DOES EPIGENETICS CONTROL AGING?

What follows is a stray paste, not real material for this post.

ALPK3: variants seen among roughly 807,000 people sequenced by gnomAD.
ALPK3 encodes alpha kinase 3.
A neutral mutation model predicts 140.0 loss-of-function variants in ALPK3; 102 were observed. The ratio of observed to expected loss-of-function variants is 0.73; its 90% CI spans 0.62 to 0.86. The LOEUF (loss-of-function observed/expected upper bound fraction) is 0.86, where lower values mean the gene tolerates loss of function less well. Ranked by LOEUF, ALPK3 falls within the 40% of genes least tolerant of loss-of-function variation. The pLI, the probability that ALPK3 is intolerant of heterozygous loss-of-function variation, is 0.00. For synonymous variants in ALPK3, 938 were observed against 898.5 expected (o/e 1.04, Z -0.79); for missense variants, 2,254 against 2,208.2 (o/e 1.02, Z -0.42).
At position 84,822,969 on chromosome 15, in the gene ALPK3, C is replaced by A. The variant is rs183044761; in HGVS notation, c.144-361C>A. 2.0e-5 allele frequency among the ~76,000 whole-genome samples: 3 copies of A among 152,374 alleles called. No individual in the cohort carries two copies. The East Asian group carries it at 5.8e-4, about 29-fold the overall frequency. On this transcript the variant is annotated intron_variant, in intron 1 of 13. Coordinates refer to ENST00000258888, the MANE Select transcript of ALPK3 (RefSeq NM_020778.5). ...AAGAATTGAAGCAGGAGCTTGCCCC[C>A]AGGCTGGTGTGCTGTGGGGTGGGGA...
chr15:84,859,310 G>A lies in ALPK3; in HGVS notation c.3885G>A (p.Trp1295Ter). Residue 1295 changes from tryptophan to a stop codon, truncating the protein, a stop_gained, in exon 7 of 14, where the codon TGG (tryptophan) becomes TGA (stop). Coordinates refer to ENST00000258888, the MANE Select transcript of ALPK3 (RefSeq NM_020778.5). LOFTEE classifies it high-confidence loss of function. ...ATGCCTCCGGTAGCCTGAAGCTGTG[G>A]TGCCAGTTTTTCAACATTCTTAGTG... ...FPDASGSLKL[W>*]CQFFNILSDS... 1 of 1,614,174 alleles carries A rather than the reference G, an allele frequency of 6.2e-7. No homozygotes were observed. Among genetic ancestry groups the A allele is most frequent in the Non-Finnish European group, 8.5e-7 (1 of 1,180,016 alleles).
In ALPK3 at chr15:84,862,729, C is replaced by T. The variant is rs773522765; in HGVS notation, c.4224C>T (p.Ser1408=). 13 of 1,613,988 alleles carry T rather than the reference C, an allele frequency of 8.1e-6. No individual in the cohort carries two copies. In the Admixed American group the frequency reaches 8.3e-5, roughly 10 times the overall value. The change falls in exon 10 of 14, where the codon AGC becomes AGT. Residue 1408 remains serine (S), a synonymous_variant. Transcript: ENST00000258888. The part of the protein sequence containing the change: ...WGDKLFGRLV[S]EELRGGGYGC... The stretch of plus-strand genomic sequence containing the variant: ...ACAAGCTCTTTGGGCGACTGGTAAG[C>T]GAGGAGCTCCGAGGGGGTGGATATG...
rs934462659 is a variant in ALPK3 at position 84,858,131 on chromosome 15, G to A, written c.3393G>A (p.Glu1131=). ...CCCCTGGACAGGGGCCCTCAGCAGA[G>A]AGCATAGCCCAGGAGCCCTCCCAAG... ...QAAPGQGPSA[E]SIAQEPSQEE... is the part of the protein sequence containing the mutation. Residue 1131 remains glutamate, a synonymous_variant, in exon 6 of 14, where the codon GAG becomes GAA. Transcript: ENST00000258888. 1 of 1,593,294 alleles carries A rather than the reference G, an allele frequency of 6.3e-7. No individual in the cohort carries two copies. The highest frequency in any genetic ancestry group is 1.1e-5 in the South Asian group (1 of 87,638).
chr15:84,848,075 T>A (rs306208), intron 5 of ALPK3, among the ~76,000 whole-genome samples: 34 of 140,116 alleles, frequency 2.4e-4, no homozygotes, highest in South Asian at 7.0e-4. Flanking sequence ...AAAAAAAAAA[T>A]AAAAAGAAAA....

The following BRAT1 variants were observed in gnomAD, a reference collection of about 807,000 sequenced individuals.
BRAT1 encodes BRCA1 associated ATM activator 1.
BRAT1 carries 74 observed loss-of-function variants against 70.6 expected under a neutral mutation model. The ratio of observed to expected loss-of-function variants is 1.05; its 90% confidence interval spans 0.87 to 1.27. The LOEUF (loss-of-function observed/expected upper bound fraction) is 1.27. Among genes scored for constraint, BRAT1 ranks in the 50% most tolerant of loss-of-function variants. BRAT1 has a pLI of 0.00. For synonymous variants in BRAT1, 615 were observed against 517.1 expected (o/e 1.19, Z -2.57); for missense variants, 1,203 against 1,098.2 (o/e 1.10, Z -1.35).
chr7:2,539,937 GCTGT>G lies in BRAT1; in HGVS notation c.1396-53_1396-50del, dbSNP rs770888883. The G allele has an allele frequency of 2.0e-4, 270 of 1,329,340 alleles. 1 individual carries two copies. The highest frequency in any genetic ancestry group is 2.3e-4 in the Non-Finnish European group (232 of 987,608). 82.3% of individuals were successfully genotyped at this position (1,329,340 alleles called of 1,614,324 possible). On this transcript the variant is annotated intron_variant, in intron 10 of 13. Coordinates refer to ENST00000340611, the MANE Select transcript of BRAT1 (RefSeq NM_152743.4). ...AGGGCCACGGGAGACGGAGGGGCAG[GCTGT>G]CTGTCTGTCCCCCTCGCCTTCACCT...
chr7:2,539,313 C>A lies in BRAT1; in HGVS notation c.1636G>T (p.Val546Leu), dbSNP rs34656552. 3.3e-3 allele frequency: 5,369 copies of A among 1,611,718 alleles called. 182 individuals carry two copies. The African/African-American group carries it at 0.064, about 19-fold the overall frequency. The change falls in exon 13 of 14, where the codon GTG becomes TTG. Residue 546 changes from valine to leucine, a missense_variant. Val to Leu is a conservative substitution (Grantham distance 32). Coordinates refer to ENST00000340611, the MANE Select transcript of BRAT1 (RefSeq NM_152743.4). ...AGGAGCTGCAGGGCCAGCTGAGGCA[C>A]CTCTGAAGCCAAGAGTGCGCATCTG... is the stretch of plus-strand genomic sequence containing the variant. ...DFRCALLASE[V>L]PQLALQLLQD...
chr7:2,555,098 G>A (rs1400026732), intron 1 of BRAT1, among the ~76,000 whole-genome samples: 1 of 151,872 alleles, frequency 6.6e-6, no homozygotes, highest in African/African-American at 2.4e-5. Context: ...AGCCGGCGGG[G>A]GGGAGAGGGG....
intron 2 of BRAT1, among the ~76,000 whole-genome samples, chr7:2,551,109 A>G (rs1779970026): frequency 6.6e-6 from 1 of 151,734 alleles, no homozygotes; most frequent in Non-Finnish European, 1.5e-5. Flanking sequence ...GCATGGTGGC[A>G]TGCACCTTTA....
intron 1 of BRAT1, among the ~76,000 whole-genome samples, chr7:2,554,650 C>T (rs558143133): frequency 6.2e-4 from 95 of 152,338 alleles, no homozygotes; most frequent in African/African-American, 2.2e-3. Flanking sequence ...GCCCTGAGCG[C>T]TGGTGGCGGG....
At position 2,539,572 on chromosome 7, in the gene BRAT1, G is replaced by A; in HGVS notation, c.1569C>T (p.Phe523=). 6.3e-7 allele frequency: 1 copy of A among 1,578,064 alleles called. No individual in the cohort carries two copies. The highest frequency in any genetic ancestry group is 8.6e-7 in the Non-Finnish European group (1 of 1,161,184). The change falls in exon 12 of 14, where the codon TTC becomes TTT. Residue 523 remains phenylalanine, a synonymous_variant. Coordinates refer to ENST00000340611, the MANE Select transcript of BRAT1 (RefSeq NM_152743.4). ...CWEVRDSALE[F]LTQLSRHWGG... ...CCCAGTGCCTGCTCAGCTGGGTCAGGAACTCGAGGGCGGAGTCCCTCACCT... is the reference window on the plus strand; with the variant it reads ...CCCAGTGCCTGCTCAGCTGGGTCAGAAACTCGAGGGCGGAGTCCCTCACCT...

Interestingly, it has been shown that epigenetic modifications are associated with aging. Gene expression and chromatin modifications (e.g., histone methylation or acetylation, DNA methylation) change with age in many species. Intriguingly, some epigenetic modifications have been proposed to act as “aging clocks.” As noted in an earlier article, certain DNA methylation patterns correlate very closely with a person’s age, suggesting that chemical modifications occur through life. Whether these directly cause aging or age-related features or are simply bystanders of an inherent aging process (like gray hair) is not known. Nonetheless, given that nutrition, exercise, and other environmental effects have been shown to affect DNA methylation, such DNA modifications might accumulate during a person’s lifetime and directly influence gene expression, thereby providing a molecular explanation for the aging process. Identifying and studying individuals who are chronologically old, but have the DNA, physical, and intellectual characteristics of a younger person will be very significant for unraveling the mechanism for retarding aging.